Going through a divorce in Spokane is never easy. It is especially challenging for parents of blended families or parents who otherwise have disagreements about their children. You may be wondering: Can I send money to my child during a divorce? The short answer is ‘yes’—but it could be deemed “dissipation of assets” if you use community property without your spouse’s knowledge or consent.
Washington Law: Community Property & Divorce
If you are preparing for divorce and you have questions about sending money to your children, it is crucial that you have an understanding of Washington’s property division laws. Here are three things to know about sending money to children during or immediately prior to a divorce in Washington.
- A Community Property State. Washington is a community property state. In effect, this means that all of your marital property is deemed jointly owned (50/50) by you and your spouse. Any money held in a joint account is equally owned by your spouse. If you still have pre-marital separate property, you retain full control over those assets.
- Parties to a Divorce Must Disclose. You should be prepared to disclose transfers to children that happen immediately prior to the filing of a divorce petition or during divorce proceedings. If you transfer community property without your spouse’s knowledge/consent, the court could deem the transfer a form of “dissipation of assets”—meaning they could award your spouse a greater share of the marital property to rectify the matter.
- Parents Can Do What They Want With an Agreement. As long as you have your spouse’s consent, there is no issue with sending money to children. Through an agreement—formal or informal—a married couple has wide discretion to do what they wish with their own community property during a divorce.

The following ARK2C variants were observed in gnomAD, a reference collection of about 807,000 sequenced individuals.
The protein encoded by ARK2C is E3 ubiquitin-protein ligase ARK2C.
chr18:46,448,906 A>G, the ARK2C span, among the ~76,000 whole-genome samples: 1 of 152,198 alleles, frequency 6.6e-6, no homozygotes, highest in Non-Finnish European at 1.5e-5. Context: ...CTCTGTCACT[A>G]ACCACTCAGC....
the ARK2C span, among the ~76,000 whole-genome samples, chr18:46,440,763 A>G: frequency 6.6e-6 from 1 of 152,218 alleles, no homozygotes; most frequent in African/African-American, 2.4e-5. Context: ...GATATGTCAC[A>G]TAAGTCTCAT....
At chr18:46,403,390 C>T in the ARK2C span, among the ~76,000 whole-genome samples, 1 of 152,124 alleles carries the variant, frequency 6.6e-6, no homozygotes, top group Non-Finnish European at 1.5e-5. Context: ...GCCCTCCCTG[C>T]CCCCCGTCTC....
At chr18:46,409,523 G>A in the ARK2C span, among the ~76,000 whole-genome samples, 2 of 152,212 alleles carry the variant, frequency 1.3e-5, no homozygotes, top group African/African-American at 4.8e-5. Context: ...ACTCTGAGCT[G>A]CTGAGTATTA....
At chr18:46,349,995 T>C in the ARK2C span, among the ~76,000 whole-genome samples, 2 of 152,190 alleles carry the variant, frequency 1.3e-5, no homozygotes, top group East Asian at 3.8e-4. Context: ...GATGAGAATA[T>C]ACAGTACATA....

Specialized Options for Parents to Provide Money to Children Outside of the Marriage
Once you are already preparing for a divorce, the money that you send to children from outside of your marriage could be an issue in property division. However, there are specialized legal tools that parents can use prior to getting married to provide money for the support of their children. There are two uniform laws in place:
- The Uniform Gifts to Minors Act (UGMA); and
- The Uniform Transfers to Minors Act (UTMA).
As explained by the Social Security Administration (SSA), these long-standing model laws allow parents to set up certain accounts (UGMA account and UTMA account) for the benefit of their children. Funds held in these accounts are purely for the benefit of minors (under 25) and are not considered community property if the parent who set up the account gets married.
Smart Divorce Lawyers Representing Families in the Greater Spokane Metro Area
At Hodgson Law Office, our Spokane divorce attorney has the professional skills and legal expertise to help you navigate complex financial matters. If you have any questions about sending money to children during a separation, we are more than ready to help. Give us a call now or connect with us online for a confidential case evaluation. With a law office in Spokane, we provide family law representation throughout Eastern Washington.